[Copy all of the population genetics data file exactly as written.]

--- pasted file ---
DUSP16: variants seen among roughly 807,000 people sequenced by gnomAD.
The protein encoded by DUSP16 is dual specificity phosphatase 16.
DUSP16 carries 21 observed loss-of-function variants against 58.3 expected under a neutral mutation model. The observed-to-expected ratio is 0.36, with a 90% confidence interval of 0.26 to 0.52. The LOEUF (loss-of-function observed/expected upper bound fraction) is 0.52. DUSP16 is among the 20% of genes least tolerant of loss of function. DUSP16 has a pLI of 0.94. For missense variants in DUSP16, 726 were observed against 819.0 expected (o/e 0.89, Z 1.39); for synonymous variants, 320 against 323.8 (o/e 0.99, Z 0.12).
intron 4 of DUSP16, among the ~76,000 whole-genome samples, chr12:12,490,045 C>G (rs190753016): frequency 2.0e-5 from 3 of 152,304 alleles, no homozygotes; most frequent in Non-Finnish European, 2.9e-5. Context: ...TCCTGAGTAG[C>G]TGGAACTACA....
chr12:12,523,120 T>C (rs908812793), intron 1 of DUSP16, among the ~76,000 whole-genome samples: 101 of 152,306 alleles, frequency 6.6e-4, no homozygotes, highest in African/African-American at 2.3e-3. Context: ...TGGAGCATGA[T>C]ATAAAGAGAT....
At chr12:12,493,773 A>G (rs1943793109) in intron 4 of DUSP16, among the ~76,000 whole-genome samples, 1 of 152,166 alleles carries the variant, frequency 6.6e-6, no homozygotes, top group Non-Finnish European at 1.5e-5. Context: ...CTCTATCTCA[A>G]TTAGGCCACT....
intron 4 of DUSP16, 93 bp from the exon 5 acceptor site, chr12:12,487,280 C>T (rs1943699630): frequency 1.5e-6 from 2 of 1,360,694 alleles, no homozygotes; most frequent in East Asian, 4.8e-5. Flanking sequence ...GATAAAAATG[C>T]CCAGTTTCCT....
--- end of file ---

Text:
DUSP16: variants seen among roughly 807,000 people sequenced by gnomAD.
The protein encoded by DUSP16 is dual specificity phosphatase 16.
DUSP16 carries 21 observed loss-of-function variants against 58.3 expected under a neutral mutation model. The observed-to-expected ratio is 0.36, with a 90% confidence interval of 0.26 to 0.52. The LOEUF (loss-of-function observed/expected upper bound fraction) is 0.52. DUSP16 is among the 20% of genes least tolerant of loss of function. DUSP16 has a pLI of 0.94. For missense variants in DUSP16, 726 were observed against 819.0 expected (o/e 0.89, Z 1.39); for synonymous variants, 320 against 323.8 (o/e 0.99, Z 0.12).
intron 4 of DUSP16, among the ~76,000 whole-genome samples, chr12:12,490,045 C>G (rs190753016): frequency 2.0e-5 from 3 of 152,304 alleles, no homozygotes; most frequent in Non-Finnish European, 2.9e-5. Context: ...TCCTGAGTAG[C>G]TGGAACTACA....
chr12:12,523,120 T>C (rs908812793), intron 1 of DUSP16, among the ~76,000 whole-genome samples: 101 of 152,306 alleles, frequency 6.6e-4, no homozygotes, highest in African/African-American at 2.3e-3. Context: ...TGGAGCATGA[T>C]ATAAAGAGAT....
At chr12:12,493,773 A>G (rs1943793109) in intron 4 of DUSP16, among the ~76,000 whole-genome samples, 1 of 152,166 alleles carries the variant, frequency 6.6e-6, no homozygotes, top group Non-Finnish European at 1.5e-5. Context: ...CTCTATCTCA[A>G]TTAGGCCACT....
intron 4 of DUSP16, 93 bp from the exon 5 acceptor site, chr12:12,487,280 C>T (rs1943699630): frequency 1.5e-6 from 2 of 1,360,694 alleles, no homozygotes; most frequent in East Asian, 4.8e-5. Flanking sequence ...GATAAAAATG[C>T]CCAGTTTCCT....